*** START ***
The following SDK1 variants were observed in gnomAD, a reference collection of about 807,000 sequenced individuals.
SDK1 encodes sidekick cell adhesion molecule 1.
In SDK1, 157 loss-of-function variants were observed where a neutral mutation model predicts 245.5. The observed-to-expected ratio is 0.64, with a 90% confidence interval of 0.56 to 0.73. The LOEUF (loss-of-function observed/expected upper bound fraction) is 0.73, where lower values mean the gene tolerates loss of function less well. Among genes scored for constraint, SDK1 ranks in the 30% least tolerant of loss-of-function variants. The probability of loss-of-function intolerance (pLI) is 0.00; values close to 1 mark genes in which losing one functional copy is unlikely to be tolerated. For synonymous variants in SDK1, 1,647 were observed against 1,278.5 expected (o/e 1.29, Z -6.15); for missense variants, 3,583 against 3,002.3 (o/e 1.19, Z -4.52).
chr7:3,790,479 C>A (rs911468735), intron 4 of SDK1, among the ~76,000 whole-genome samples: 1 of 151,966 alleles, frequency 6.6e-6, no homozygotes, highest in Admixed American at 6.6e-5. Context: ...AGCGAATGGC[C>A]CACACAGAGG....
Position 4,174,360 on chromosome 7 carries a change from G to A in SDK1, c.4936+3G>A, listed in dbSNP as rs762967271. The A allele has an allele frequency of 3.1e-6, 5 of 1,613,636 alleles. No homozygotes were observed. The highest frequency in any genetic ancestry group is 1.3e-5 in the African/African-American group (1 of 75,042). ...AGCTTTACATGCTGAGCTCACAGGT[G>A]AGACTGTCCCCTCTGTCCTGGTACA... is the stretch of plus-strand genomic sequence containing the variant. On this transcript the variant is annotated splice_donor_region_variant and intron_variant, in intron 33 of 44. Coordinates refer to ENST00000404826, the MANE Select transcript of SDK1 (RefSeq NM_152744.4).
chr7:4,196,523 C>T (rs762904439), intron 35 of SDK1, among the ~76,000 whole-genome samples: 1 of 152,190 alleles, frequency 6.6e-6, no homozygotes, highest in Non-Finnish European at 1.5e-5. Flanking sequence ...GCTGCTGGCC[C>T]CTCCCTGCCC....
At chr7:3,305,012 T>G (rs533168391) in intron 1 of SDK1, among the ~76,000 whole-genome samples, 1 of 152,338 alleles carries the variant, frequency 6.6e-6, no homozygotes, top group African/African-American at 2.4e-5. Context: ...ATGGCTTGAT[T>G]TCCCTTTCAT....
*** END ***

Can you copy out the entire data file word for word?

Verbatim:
The following SDK1 variants were observed in gnomAD, a reference collection of about 807,000 sequenced individuals.
SDK1 encodes sidekick cell adhesion molecule 1.
In SDK1, 157 loss-of-function variants were observed where a neutral mutation model predicts 245.5. The observed-to-expected ratio is 0.64, with a 90% confidence interval of 0.56 to 0.73. The LOEUF (loss-of-function observed/expected upper bound fraction) is 0.73, where lower values mean the gene tolerates loss of function less well. Among genes scored for constraint, SDK1 ranks in the 30% least tolerant of loss-of-function variants. The probability of loss-of-function intolerance (pLI) is 0.00; values close to 1 mark genes in which losing one functional copy is unlikely to be tolerated. For synonymous variants in SDK1, 1,647 were observed against 1,278.5 expected (o/e 1.29, Z -6.15); for missense variants, 3,583 against 3,002.3 (o/e 1.19, Z -4.52).
chr7:3,790,479 C>A (rs911468735), intron 4 of SDK1, among the ~76,000 whole-genome samples: 1 of 151,966 alleles, frequency 6.6e-6, no homozygotes, highest in Admixed American at 6.6e-5. Context: ...AGCGAATGGC[C>A]CACACAGAGG....
Position 4,174,360 on chromosome 7 carries a change from G to A in SDK1, c.4936+3G>A, listed in dbSNP as rs762967271. The A allele has an allele frequency of 3.1e-6, 5 of 1,613,636 alleles. No homozygotes were observed. The highest frequency in any genetic ancestry group is 1.3e-5 in the African/African-American group (1 of 75,042). ...AGCTTTACATGCTGAGCTCACAGGT[G>A]AGACTGTCCCCTCTGTCCTGGTACA... is the stretch of plus-strand genomic sequence containing the variant. On this transcript the variant is annotated splice_donor_region_variant and intron_variant, in intron 33 of 44. Coordinates refer to ENST00000404826, the MANE Select transcript of SDK1 (RefSeq NM_152744.4).
chr7:4,196,523 C>T (rs762904439), intron 35 of SDK1, among the ~76,000 whole-genome samples: 1 of 152,190 alleles, frequency 6.6e-6, no homozygotes, highest in Non-Finnish European at 1.5e-5. Flanking sequence ...GCTGCTGGCC[C>T]CTCCCTGCCC....
At chr7:3,305,012 T>G (rs533168391) in intron 1 of SDK1, among the ~76,000 whole-genome samples, 1 of 152,338 alleles carries the variant, frequency 6.6e-6, no homozygotes, top group African/African-American at 2.4e-5. Context: ...ATGGCTTGAT[T>G]TCCCTTTCAT....